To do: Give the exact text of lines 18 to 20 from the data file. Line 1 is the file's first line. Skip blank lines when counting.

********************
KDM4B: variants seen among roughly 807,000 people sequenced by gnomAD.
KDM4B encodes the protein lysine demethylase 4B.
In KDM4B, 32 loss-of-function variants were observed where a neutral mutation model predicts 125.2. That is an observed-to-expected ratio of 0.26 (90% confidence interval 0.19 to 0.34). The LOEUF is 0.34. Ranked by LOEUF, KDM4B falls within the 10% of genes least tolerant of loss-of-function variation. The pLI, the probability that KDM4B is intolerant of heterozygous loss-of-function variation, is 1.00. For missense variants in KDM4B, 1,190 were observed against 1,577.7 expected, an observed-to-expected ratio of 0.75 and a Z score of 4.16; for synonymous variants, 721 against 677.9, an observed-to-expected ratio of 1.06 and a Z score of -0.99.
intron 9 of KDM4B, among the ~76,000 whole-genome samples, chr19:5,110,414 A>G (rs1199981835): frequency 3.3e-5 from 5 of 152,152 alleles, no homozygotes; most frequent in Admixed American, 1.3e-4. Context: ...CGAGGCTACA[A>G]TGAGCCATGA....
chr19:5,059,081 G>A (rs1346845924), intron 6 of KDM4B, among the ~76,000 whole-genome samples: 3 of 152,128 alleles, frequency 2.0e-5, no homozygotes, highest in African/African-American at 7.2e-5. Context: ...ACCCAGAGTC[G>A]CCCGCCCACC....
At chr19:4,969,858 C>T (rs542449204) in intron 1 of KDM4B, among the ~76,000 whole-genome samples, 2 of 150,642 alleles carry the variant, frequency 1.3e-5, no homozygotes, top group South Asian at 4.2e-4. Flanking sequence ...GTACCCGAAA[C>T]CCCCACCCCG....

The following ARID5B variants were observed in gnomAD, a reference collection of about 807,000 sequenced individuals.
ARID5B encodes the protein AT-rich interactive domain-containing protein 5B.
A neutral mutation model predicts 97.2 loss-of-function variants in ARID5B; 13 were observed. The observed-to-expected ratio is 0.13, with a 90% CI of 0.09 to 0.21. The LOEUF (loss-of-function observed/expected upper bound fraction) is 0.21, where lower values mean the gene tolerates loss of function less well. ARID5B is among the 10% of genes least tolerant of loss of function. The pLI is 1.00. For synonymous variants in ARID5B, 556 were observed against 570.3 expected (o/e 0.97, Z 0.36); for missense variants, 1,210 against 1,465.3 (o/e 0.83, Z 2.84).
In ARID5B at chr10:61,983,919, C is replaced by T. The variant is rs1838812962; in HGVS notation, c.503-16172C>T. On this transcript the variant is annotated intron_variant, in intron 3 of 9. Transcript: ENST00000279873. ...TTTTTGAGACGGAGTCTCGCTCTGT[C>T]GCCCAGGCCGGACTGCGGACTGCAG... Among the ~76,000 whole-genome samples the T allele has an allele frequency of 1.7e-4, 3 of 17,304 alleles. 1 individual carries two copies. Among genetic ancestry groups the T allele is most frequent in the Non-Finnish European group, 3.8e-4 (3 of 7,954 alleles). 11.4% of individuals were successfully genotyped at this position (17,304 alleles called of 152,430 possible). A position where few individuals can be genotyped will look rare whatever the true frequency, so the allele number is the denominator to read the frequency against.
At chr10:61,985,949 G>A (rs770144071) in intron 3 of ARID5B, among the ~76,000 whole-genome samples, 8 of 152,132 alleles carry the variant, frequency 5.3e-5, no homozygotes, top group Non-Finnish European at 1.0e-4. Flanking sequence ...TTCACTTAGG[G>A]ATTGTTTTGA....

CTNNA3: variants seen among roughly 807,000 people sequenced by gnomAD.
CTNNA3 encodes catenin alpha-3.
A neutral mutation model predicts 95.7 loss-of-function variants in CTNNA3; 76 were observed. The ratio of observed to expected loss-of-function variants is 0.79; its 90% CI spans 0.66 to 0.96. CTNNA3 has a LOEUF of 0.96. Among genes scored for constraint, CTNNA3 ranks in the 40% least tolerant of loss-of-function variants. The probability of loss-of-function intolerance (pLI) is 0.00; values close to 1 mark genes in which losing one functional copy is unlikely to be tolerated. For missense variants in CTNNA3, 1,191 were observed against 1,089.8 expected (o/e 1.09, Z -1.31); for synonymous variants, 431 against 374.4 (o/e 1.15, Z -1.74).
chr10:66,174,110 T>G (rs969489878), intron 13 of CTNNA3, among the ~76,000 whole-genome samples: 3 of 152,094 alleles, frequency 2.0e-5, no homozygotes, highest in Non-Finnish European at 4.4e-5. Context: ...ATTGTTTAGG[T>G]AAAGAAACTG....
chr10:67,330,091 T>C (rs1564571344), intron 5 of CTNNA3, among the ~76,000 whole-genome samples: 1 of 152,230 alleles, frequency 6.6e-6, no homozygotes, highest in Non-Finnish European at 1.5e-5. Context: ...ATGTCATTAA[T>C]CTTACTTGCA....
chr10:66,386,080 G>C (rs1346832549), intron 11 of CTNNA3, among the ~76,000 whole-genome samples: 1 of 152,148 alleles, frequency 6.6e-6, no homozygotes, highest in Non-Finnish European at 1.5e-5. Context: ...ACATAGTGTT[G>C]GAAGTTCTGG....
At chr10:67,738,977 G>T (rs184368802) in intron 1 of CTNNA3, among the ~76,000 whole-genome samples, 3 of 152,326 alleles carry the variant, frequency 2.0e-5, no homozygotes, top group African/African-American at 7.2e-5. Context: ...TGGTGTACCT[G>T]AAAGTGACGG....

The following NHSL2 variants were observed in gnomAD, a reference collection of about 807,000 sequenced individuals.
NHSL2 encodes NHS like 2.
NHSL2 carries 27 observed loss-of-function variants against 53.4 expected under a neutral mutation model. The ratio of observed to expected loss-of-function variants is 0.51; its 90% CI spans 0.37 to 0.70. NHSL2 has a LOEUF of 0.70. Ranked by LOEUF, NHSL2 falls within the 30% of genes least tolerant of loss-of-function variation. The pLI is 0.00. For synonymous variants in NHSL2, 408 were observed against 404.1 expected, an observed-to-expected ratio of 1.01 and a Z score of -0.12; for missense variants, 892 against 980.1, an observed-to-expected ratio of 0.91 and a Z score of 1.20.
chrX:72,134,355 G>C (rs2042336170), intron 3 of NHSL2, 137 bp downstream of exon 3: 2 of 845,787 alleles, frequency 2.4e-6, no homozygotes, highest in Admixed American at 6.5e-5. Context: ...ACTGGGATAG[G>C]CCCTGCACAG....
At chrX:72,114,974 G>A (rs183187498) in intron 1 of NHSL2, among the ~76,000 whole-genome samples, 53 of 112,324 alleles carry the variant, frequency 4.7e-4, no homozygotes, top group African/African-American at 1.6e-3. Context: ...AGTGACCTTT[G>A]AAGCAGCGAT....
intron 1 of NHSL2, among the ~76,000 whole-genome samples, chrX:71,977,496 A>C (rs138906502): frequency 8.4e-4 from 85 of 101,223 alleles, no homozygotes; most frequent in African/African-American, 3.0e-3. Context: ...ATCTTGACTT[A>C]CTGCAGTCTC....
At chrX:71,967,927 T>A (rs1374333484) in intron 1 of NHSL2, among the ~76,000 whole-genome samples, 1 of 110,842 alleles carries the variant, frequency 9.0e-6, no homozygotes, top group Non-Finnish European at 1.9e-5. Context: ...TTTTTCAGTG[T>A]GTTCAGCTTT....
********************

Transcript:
At chr10:67,738,977 G>T (rs184368802) in intron 1 of CTNNA3, among the ~76,000 whole-genome samples, 3 of 152,326 alleles carry the variant, frequency 2.0e-5, no homozygotes, top group African/African-American at 7.2e-5. Context: ...TGGTGTACCT[G>T]AAAGTGACGG....

The following NHSL2 variants were observed in gnomAD, a reference collection of about 807,000 sequenced individuals.
NHSL2 encodes NHS like 2.